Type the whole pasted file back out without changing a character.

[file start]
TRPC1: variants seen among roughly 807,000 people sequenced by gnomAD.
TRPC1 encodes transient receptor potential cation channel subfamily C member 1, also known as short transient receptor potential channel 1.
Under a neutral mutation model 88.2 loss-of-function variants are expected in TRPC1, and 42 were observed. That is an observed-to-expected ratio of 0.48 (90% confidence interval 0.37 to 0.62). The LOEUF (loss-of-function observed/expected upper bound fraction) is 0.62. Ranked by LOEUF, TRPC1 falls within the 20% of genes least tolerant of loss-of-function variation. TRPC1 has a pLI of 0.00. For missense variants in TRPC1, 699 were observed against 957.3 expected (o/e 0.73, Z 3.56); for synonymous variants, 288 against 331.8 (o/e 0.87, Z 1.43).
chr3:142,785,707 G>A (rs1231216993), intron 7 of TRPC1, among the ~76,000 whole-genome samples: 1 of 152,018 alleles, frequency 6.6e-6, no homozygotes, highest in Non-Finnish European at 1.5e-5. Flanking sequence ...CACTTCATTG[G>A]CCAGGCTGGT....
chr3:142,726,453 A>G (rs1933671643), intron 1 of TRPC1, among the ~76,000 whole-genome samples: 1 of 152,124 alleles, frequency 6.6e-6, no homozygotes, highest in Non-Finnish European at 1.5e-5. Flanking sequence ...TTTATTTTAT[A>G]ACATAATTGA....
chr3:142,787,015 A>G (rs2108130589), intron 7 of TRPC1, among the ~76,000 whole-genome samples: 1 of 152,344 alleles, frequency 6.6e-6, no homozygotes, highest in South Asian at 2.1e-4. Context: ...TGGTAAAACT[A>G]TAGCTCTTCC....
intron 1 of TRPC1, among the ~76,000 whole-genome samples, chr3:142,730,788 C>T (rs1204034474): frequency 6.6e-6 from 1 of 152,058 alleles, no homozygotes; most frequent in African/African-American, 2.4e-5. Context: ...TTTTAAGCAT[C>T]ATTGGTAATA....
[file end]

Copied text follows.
TRPC1: variants seen among roughly 807,000 people sequenced by gnomAD.
TRPC1 encodes transient receptor potential cation channel subfamily C member 1, also known as short transient receptor potential channel 1.
Under a neutral mutation model 88.2 loss-of-function variants are expected in TRPC1, and 42 were observed. That is an observed-to-expected ratio of 0.48 (90% confidence interval 0.37 to 0.62). The LOEUF (loss-of-function observed/expected upper bound fraction) is 0.62. Ranked by LOEUF, TRPC1 falls within the 20% of genes least tolerant of loss-of-function variation. TRPC1 has a pLI of 0.00. For missense variants in TRPC1, 699 were observed against 957.3 expected (o/e 0.73, Z 3.56); for synonymous variants, 288 against 331.8 (o/e 0.87, Z 1.43).
chr3:142,785,707 G>A (rs1231216993), intron 7 of TRPC1, among the ~76,000 whole-genome samples: 1 of 152,018 alleles, frequency 6.6e-6, no homozygotes, highest in Non-Finnish European at 1.5e-5. Flanking sequence ...CACTTCATTG[G>A]CCAGGCTGGT....
chr3:142,726,453 A>G (rs1933671643), intron 1 of TRPC1, among the ~76,000 whole-genome samples: 1 of 152,124 alleles, frequency 6.6e-6, no homozygotes, highest in Non-Finnish European at 1.5e-5. Flanking sequence ...TTTATTTTAT[A>G]ACATAATTGA....
chr3:142,787,015 A>G (rs2108130589), intron 7 of TRPC1, among the ~76,000 whole-genome samples: 1 of 152,344 alleles, frequency 6.6e-6, no homozygotes, highest in South Asian at 2.1e-4. Context: ...TGGTAAAACT[A>G]TAGCTCTTCC....
intron 1 of TRPC1, among the ~76,000 whole-genome samples, chr3:142,730,788 C>T (rs1204034474): frequency 6.6e-6 from 1 of 152,058 alleles, no homozygotes; most frequent in African/African-American, 2.4e-5. Context: ...TTTTAAGCAT[C>T]ATTGGTAATA....